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Posted 07 November 2012 - 06:54 PM

I went for mirkwood spiders, It looks like a good all round set with some decent parts and figures. I just hope the UK price is reasonable.
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#79 Deathleech

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Posted 07 November 2012 - 10:14 PM

View PostShaydDeGrai, on 07 November 2012 - 06:34 PM, said:

I appreciate (and agree with) the points made and seconded by several people regarding the lack of "completeness" for a number of the Middle Earth sets announced and shipped to date.  I like the look of the Barrel Escape but at the same time it seems to have a lot in common with the Mines of Moria set (my personal choice for "most disappointing set" in the LotR line - could have been great, but wasn't) It _feels_ piecemeal, it's not a big build; it looks like a bunch of small builds packaged together in a common box (I think the Goblin King shares this weakness), a bit like a LEGO Advent Calendar on steroids.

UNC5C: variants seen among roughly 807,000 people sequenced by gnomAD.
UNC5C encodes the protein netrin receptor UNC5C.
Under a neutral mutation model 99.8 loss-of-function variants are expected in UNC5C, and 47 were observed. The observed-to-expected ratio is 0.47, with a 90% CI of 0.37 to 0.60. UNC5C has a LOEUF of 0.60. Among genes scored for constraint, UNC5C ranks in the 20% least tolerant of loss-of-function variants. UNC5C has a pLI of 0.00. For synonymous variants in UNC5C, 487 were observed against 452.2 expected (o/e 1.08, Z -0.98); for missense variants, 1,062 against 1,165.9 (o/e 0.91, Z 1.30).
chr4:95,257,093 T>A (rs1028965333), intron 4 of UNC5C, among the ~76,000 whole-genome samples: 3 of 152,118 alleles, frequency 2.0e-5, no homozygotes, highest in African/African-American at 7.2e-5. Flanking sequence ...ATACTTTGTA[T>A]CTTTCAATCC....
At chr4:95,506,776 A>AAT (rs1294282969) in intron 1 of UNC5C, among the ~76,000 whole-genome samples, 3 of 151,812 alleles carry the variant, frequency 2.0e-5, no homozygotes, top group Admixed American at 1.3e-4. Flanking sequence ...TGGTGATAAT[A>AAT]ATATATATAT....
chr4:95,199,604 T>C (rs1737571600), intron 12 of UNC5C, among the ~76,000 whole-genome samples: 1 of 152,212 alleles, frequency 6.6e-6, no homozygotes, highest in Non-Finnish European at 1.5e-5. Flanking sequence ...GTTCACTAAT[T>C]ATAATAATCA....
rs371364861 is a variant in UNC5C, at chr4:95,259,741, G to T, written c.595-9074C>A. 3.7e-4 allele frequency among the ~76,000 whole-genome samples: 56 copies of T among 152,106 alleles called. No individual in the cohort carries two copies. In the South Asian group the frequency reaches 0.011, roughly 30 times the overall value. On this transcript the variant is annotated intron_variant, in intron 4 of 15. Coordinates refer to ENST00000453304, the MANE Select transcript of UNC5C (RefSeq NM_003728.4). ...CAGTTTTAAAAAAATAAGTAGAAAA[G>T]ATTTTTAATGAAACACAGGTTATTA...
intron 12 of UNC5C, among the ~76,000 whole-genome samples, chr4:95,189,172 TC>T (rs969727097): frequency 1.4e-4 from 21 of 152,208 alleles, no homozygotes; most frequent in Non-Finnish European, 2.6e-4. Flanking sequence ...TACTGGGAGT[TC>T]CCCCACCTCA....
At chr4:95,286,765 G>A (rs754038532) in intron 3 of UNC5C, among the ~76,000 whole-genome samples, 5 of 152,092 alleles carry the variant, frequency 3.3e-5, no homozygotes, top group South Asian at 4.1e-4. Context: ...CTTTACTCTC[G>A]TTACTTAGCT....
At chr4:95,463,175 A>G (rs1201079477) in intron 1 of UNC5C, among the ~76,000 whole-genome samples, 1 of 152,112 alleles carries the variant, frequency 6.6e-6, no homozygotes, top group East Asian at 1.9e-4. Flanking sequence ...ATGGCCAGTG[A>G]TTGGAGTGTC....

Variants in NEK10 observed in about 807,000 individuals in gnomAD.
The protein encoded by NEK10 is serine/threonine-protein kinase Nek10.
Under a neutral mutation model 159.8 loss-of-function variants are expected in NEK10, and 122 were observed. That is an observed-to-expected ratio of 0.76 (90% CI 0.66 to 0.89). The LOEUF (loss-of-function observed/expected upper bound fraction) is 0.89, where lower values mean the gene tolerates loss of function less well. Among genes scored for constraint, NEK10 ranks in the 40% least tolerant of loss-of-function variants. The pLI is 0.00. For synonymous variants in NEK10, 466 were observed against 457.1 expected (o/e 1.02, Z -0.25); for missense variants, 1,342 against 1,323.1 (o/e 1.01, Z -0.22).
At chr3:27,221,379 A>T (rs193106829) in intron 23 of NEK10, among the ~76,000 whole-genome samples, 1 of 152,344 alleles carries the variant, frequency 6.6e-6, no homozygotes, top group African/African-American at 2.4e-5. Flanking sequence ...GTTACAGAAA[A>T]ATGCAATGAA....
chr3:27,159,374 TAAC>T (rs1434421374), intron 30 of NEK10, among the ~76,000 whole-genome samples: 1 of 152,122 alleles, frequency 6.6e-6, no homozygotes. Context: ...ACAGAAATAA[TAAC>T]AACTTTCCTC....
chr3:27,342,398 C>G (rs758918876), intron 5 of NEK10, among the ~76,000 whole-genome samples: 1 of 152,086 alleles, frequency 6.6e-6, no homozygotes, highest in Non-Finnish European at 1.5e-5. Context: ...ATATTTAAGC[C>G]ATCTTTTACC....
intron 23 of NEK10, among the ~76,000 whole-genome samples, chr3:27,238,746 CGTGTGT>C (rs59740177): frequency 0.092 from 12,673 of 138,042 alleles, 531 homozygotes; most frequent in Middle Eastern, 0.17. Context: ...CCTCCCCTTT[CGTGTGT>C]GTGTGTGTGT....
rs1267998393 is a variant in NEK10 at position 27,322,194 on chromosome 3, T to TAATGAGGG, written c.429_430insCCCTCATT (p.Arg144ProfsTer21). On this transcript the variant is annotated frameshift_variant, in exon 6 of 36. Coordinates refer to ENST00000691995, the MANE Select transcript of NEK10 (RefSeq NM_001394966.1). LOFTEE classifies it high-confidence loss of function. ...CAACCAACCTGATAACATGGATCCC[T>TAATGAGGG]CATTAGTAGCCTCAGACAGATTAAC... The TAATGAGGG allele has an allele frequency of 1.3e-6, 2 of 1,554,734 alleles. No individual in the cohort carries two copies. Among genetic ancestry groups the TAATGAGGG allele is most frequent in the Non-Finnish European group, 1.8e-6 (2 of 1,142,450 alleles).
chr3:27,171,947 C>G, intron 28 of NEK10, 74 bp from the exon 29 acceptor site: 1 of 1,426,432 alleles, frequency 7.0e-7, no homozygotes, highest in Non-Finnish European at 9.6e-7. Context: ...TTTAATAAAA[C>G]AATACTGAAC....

I know a number of people feel the same way you do in that they are unhappy with the sets because they don't feel "complete".  Out of curiosity, what would you (or anyone else with this same issue over the new sets) realistically suggest Lego do to fix it?  Obviously they can't make every set $400 and they can't pack 2000 pieces into a $30 set.  I know it's been mentioned adding a base plate to give the set pieces something to connect them all together.  That's a simple enough fix anyone can do on their own if they so wish and keeps the set $5-15 cheaper for those who don't want to.  What else could they do to make the sets feel "whole" though?